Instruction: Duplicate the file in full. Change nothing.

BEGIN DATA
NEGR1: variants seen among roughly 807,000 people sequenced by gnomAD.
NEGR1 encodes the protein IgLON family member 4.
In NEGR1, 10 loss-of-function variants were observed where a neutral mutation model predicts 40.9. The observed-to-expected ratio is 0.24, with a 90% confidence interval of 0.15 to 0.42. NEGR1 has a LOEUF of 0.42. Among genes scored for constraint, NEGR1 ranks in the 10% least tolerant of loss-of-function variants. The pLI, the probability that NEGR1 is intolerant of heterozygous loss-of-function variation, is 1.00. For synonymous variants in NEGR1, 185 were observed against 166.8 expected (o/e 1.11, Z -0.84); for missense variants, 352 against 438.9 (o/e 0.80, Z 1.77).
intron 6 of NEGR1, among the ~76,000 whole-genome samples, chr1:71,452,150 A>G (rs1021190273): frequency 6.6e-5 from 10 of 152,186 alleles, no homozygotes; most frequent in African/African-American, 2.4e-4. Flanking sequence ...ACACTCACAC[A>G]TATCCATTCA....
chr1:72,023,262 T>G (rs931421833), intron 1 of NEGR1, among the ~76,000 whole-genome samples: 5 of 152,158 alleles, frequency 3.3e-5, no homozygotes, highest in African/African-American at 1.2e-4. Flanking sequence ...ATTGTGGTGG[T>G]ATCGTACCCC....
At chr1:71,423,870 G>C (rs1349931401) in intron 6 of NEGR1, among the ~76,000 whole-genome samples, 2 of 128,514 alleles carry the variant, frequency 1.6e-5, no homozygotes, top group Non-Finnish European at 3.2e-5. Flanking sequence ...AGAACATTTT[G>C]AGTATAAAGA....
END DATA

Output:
NEGR1: variants seen among roughly 807,000 people sequenced by gnomAD.
NEGR1 encodes the protein IgLON family member 4.
In NEGR1, 10 loss-of-function variants were observed where a neutral mutation model predicts 40.9. The observed-to-expected ratio is 0.24, with a 90% confidence interval of 0.15 to 0.42. NEGR1 has a LOEUF of 0.42. Among genes scored for constraint, NEGR1 ranks in the 10% least tolerant of loss-of-function variants. The pLI, the probability that NEGR1 is intolerant of heterozygous loss-of-function variation, is 1.00. For synonymous variants in NEGR1, 185 were observed against 166.8 expected (o/e 1.11, Z -0.84); for missense variants, 352 against 438.9 (o/e 0.80, Z 1.77).
intron 6 of NEGR1, among the ~76,000 whole-genome samples, chr1:71,452,150 A>G (rs1021190273): frequency 6.6e-5 from 10 of 152,186 alleles, no homozygotes; most frequent in African/African-American, 2.4e-4. Flanking sequence ...ACACTCACAC[A>G]TATCCATTCA....
chr1:72,023,262 T>G (rs931421833), intron 1 of NEGR1, among the ~76,000 whole-genome samples: 5 of 152,158 alleles, frequency 3.3e-5, no homozygotes, highest in African/African-American at 1.2e-4. Flanking sequence ...ATTGTGGTGG[T>G]ATCGTACCCC....
At chr1:71,423,870 G>C (rs1349931401) in intron 6 of NEGR1, among the ~76,000 whole-genome samples, 2 of 128,514 alleles carry the variant, frequency 1.6e-5, no homozygotes, top group Non-Finnish European at 3.2e-5. Flanking sequence ...AGAACATTTT[G>C]AGTATAAAGA....